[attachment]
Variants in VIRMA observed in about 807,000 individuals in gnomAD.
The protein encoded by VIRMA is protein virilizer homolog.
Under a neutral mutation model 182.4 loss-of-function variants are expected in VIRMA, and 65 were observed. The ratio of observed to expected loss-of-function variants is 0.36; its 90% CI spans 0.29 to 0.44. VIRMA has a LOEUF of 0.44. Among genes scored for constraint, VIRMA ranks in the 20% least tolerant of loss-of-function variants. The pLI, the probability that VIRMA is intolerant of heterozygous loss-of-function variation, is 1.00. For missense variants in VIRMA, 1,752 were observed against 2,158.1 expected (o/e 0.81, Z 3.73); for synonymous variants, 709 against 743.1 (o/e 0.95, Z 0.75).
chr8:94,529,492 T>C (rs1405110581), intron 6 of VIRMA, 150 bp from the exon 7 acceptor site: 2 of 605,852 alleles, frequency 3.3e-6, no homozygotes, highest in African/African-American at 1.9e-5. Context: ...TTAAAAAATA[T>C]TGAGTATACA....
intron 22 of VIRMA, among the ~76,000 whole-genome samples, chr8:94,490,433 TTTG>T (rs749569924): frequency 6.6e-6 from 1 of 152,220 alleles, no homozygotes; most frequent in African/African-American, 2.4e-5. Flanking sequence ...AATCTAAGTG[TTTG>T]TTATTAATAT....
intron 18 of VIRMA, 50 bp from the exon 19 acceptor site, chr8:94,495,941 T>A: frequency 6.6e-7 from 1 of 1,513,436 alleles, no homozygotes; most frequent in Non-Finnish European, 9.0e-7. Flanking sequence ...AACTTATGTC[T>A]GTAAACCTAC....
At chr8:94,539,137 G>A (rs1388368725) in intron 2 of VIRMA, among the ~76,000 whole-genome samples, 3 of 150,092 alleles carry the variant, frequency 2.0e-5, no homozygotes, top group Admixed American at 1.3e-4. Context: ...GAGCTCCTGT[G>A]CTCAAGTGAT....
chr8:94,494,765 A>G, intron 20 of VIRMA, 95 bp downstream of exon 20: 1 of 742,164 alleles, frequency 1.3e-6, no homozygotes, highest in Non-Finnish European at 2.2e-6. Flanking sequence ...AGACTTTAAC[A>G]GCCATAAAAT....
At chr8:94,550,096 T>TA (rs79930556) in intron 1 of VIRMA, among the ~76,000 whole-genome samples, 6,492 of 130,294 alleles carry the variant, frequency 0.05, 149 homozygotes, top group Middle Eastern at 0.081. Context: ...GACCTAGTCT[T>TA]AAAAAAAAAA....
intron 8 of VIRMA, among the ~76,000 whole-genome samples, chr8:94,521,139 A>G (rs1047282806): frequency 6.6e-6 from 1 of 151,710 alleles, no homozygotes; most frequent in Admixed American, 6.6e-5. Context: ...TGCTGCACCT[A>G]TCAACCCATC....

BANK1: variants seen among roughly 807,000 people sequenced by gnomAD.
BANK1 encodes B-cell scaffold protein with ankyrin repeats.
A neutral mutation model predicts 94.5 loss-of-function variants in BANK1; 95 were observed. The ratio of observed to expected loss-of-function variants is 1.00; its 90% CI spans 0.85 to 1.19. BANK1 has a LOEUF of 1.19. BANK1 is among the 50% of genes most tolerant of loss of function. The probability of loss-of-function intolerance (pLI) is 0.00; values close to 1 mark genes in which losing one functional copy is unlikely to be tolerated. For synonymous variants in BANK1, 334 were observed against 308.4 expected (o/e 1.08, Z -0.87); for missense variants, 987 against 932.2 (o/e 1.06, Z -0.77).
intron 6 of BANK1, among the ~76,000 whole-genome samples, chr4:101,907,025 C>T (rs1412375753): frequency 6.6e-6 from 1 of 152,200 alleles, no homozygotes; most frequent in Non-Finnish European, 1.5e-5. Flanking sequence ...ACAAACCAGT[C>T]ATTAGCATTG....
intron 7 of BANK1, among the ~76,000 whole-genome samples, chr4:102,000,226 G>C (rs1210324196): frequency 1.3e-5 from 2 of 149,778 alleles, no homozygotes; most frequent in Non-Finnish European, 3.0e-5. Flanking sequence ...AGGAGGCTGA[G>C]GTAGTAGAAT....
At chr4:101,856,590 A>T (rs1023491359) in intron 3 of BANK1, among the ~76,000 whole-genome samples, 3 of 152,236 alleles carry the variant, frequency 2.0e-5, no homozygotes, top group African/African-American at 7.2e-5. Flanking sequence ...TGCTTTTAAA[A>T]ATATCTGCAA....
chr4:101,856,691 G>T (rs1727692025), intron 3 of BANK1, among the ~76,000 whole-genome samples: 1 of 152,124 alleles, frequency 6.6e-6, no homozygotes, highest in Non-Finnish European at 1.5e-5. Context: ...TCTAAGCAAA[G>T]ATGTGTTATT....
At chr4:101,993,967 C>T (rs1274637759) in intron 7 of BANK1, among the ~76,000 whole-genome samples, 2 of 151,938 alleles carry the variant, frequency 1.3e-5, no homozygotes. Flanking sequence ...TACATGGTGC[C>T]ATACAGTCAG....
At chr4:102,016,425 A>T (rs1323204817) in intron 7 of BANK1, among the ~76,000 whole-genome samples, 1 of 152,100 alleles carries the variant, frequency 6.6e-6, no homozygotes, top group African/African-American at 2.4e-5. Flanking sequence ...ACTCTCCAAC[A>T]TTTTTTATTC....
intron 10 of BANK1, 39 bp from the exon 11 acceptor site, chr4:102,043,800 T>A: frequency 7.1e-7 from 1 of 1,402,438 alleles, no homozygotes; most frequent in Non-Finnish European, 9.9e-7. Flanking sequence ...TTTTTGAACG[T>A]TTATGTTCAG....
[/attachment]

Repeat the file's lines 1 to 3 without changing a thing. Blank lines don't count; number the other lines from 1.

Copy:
Variants in VIRMA observed in about 807,000 individuals in gnomAD.
The protein encoded by VIRMA is protein virilizer homolog.
Under a neutral mutation model 182.4 loss-of-function variants are expected in VIRMA, and 65 were observed. The ratio of observed to expected loss-of-function variants is 0.36; its 90% CI spans 0.29 to 0.44. VIRMA has a LOEUF of 0.44. Among genes scored for constraint, VIRMA ranks in the 20% least tolerant of loss-of-function variants. The pLI, the probability that VIRMA is intolerant of heterozygous loss-of-function variation, is 1.00. For missense variants in VIRMA, 1,752 were observed against 2,158.1 expected (o/e 0.81, Z 3.73); for synonymous variants, 709 against 743.1 (o/e 0.95, Z 0.75).